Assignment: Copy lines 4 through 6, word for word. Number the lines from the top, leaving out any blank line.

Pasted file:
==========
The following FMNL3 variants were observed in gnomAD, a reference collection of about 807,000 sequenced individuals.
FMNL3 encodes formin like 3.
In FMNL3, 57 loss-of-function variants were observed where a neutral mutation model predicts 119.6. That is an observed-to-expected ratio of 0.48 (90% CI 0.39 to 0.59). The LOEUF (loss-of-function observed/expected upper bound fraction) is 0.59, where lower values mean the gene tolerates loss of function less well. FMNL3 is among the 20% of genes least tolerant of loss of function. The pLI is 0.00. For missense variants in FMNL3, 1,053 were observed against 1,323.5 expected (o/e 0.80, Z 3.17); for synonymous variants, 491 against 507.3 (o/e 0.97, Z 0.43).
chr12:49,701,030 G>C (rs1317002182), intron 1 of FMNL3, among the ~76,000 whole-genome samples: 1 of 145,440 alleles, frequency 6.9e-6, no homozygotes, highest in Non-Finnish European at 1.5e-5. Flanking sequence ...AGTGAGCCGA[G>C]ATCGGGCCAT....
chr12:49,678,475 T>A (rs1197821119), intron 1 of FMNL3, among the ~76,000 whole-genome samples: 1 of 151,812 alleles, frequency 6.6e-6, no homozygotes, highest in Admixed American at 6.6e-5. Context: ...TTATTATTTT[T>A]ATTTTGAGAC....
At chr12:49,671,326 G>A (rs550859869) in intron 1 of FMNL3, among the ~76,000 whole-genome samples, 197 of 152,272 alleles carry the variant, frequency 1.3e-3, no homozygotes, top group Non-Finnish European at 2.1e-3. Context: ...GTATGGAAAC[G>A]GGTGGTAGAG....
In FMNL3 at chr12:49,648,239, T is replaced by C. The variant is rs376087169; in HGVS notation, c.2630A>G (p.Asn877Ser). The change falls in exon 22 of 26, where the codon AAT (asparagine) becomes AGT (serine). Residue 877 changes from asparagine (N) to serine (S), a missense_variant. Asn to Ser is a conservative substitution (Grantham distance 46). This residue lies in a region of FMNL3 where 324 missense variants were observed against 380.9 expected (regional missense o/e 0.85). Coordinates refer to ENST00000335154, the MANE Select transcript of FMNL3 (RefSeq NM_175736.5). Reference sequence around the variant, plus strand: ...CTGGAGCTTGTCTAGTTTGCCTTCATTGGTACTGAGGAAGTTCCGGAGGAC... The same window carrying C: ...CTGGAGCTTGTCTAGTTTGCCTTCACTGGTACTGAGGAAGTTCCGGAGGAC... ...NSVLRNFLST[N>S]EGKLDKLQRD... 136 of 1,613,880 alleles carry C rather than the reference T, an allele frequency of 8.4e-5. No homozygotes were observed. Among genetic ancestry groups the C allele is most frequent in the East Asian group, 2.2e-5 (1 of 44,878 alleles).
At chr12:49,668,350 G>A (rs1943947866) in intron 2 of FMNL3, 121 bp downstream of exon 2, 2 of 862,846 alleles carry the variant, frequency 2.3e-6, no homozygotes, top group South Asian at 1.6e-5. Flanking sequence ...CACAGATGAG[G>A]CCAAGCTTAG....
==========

chr12:49,701,030 G>C (rs1317002182), intron 1 of FMNL3, among the ~76,000 whole-genome samples: 1 of 145,440 alleles, frequency 6.9e-6, no homozygotes, highest in Non-Finnish European at 1.5e-5. Flanking sequence ...AGTGAGCCGA[G>C]ATCGGGCCAT....
chr12:49,678,475 T>A (rs1197821119), intron 1 of FMNL3, among the ~76,000 whole-genome samples: 1 of 151,812 alleles, frequency 6.6e-6, no homozygotes, highest in Admixed American at 6.6e-5. Context: ...TTATTATTTT[T>A]ATTTTGAGAC....
At chr12:49,671,326 G>A (rs550859869) in intron 1 of FMNL3, among the ~76,000 whole-genome samples, 197 of 152,272 alleles carry the variant, frequency 1.3e-3, no homozygotes, top group Non-Finnish European at 2.1e-3. Context: ...GTATGGAAAC[G>A]GGTGGTAGAG....